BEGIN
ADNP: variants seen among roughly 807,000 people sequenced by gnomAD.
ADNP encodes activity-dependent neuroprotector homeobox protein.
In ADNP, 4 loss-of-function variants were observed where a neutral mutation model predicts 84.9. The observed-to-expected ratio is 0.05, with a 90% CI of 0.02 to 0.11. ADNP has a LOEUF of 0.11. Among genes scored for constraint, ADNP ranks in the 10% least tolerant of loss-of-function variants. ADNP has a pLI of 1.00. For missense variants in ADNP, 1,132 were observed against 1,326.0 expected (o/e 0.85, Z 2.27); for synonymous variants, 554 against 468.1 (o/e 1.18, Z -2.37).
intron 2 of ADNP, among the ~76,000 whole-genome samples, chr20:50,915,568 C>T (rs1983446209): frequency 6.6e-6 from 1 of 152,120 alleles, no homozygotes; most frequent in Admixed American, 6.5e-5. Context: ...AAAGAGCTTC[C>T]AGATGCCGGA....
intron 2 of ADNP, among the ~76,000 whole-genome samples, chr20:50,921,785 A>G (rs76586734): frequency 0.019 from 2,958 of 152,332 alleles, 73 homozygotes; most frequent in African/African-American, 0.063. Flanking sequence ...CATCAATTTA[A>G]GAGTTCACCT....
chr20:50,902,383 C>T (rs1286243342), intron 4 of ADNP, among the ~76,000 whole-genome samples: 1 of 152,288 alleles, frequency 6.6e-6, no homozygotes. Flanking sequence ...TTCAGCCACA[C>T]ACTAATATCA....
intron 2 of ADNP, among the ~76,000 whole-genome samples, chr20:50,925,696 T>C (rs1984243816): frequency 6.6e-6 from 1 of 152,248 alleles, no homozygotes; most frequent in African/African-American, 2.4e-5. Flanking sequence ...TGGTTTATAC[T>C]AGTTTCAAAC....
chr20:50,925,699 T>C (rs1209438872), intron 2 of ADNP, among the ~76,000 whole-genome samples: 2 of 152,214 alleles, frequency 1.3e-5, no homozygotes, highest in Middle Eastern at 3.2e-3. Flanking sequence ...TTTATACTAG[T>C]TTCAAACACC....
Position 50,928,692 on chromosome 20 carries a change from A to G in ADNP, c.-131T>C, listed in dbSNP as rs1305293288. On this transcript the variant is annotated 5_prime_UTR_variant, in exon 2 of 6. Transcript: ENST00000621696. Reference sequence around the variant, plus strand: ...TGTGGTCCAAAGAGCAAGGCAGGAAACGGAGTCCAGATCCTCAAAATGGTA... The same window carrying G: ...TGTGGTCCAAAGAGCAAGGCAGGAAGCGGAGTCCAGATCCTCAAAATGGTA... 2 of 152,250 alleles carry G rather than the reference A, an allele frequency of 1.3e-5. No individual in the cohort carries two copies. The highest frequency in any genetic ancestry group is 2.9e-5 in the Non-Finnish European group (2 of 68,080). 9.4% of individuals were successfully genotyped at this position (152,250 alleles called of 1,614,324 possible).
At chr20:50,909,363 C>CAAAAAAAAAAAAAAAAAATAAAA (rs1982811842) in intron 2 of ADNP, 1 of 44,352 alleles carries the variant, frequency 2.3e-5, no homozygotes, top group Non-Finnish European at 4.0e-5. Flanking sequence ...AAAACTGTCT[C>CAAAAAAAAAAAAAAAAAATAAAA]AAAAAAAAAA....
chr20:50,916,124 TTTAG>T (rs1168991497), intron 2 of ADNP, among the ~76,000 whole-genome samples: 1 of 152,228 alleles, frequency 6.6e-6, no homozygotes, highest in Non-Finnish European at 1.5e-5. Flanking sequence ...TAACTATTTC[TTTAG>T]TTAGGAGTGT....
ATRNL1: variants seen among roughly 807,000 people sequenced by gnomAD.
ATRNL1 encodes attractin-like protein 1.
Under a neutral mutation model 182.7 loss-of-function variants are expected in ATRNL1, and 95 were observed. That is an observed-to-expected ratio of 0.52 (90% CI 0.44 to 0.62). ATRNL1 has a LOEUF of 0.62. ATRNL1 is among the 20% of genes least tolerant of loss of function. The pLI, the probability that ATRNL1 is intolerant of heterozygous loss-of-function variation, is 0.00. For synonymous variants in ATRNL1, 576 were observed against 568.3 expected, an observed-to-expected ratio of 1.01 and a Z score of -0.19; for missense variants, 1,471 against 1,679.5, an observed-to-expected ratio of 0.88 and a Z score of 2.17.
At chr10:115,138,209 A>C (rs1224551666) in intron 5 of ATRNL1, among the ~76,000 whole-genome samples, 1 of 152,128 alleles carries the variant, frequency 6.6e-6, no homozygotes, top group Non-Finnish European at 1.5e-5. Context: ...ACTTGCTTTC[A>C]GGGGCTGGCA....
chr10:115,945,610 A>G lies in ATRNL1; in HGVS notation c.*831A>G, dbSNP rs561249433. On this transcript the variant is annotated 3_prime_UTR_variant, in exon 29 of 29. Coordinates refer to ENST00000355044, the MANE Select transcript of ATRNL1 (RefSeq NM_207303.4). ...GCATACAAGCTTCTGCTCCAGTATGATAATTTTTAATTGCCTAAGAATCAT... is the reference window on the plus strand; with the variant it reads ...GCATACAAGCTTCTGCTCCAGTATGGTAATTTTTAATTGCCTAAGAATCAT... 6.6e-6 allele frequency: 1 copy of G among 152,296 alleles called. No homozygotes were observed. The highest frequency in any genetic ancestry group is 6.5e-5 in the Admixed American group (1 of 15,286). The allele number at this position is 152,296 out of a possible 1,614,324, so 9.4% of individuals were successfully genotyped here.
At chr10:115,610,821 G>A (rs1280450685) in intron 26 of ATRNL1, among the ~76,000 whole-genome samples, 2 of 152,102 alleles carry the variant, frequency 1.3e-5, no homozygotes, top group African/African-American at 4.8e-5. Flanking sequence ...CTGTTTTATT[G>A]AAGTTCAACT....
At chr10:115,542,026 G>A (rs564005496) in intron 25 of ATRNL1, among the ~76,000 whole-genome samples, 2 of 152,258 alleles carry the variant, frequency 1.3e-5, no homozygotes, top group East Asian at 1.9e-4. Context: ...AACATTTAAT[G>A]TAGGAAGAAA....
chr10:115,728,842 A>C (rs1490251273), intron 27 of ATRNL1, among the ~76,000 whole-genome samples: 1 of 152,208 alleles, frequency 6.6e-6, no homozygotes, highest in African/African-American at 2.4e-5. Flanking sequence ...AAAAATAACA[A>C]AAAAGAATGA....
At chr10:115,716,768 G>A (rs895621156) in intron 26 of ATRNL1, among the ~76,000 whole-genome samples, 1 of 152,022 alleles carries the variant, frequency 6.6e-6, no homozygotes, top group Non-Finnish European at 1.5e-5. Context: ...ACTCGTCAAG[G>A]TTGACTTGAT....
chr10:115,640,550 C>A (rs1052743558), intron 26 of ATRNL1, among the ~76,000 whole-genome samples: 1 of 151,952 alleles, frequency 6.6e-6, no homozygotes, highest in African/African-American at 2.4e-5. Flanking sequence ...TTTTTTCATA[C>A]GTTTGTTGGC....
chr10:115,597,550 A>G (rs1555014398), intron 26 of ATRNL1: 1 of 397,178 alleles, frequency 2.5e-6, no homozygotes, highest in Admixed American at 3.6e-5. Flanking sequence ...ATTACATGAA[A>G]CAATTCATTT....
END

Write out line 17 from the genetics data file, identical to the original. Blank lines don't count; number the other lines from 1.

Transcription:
At chr10:115,610,821 G>A (rs1280450685) in intron 26 of ATRNL1, among the ~76,000 whole-genome samples, 2 of 152,102 alleles carry the variant, frequency 1.3e-5, no homozygotes, top group African/African-American at 4.8e-5. Flanking sequence ...CTGTTTTATT[G>A]AAGTTCAACT....